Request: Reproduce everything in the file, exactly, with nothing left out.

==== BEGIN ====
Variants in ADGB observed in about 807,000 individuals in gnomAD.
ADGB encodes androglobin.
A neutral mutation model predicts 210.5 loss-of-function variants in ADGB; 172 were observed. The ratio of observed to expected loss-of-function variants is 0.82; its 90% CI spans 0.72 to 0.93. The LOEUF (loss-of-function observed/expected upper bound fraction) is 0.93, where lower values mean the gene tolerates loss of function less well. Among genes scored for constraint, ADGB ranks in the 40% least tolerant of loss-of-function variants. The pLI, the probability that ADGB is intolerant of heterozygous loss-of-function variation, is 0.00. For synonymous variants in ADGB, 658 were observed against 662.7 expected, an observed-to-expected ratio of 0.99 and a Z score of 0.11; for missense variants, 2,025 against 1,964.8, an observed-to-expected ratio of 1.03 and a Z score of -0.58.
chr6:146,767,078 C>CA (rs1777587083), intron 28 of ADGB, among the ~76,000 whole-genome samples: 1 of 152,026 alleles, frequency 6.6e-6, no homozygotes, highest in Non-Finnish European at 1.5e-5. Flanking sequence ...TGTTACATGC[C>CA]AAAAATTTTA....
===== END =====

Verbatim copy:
Variants in ADGB observed in about 807,000 individuals in gnomAD.
ADGB encodes androglobin.
A neutral mutation model predicts 210.5 loss-of-function variants in ADGB; 172 were observed. The ratio of observed to expected loss-of-function variants is 0.82; its 90% CI spans 0.72 to 0.93. The LOEUF (loss-of-function observed/expected upper bound fraction) is 0.93, where lower values mean the gene tolerates loss of function less well. Among genes scored for constraint, ADGB ranks in the 40% least tolerant of loss-of-function variants. The pLI, the probability that ADGB is intolerant of heterozygous loss-of-function variation, is 0.00. For synonymous variants in ADGB, 658 were observed against 662.7 expected, an observed-to-expected ratio of 0.99 and a Z score of 0.11; for missense variants, 2,025 against 1,964.8, an observed-to-expected ratio of 1.03 and a Z score of -0.58.
chr6:146,767,078 C>CA (rs1777587083), intron 28 of ADGB, among the ~76,000 whole-genome samples: 1 of 152,026 alleles, frequency 6.6e-6, no homozygotes, highest in Non-Finnish European at 1.5e-5. Flanking sequence ...TGTTACATGC[C>CA]AAAAATTTTA....